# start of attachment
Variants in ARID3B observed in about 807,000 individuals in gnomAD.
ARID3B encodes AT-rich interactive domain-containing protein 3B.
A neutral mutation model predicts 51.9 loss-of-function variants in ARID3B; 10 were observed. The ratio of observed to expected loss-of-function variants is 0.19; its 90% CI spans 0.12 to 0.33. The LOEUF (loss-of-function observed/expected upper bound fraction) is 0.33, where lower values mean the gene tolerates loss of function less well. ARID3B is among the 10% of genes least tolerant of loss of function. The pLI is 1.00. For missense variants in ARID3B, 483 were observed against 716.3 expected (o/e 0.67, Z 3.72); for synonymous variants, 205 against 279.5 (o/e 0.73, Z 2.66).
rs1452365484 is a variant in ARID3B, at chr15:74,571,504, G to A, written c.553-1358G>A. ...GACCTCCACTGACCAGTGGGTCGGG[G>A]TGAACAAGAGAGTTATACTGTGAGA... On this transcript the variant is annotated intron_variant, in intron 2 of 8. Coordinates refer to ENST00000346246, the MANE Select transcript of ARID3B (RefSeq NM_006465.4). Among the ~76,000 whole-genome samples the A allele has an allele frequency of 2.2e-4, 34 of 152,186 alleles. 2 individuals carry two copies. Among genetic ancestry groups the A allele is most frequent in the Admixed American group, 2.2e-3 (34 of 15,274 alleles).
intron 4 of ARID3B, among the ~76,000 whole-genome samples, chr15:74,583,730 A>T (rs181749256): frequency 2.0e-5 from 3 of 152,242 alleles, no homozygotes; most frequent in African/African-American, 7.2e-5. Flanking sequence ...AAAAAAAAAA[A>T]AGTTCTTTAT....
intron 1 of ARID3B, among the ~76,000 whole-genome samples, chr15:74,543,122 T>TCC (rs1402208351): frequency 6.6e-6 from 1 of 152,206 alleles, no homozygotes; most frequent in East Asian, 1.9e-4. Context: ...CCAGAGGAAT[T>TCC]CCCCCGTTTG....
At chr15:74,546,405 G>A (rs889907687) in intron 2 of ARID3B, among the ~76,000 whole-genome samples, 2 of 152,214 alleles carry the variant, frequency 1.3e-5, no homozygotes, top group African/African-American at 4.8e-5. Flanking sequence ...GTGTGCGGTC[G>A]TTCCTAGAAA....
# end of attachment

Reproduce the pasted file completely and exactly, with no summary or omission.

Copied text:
Variants in ARID3B observed in about 807,000 individuals in gnomAD.
ARID3B encodes AT-rich interactive domain-containing protein 3B.
A neutral mutation model predicts 51.9 loss-of-function variants in ARID3B; 10 were observed. The ratio of observed to expected loss-of-function variants is 0.19; its 90% CI spans 0.12 to 0.33. The LOEUF (loss-of-function observed/expected upper bound fraction) is 0.33, where lower values mean the gene tolerates loss of function less well. ARID3B is among the 10% of genes least tolerant of loss of function. The pLI is 1.00. For missense variants in ARID3B, 483 were observed against 716.3 expected (o/e 0.67, Z 3.72); for synonymous variants, 205 against 279.5 (o/e 0.73, Z 2.66).
rs1452365484 is a variant in ARID3B, at chr15:74,571,504, G to A, written c.553-1358G>A. ...GACCTCCACTGACCAGTGGGTCGGG[G>A]TGAACAAGAGAGTTATACTGTGAGA... On this transcript the variant is annotated intron_variant, in intron 2 of 8. Coordinates refer to ENST00000346246, the MANE Select transcript of ARID3B (RefSeq NM_006465.4). Among the ~76,000 whole-genome samples the A allele has an allele frequency of 2.2e-4, 34 of 152,186 alleles. 2 individuals carry two copies. Among genetic ancestry groups the A allele is most frequent in the Admixed American group, 2.2e-3 (34 of 15,274 alleles).
intron 4 of ARID3B, among the ~76,000 whole-genome samples, chr15:74,583,730 A>T (rs181749256): frequency 2.0e-5 from 3 of 152,242 alleles, no homozygotes; most frequent in African/African-American, 7.2e-5. Flanking sequence ...AAAAAAAAAA[A>T]AGTTCTTTAT....
intron 1 of ARID3B, among the ~76,000 whole-genome samples, chr15:74,543,122 T>TCC (rs1402208351): frequency 6.6e-6 from 1 of 152,206 alleles, no homozygotes; most frequent in East Asian, 1.9e-4. Context: ...CCAGAGGAAT[T>TCC]CCCCCGTTTG....
At chr15:74,546,405 G>A (rs889907687) in intron 2 of ARID3B, among the ~76,000 whole-genome samples, 2 of 152,214 alleles carry the variant, frequency 1.3e-5, no homozygotes, top group African/African-American at 4.8e-5. Flanking sequence ...GTGTGCGGTC[G>A]TTCCTAGAAA....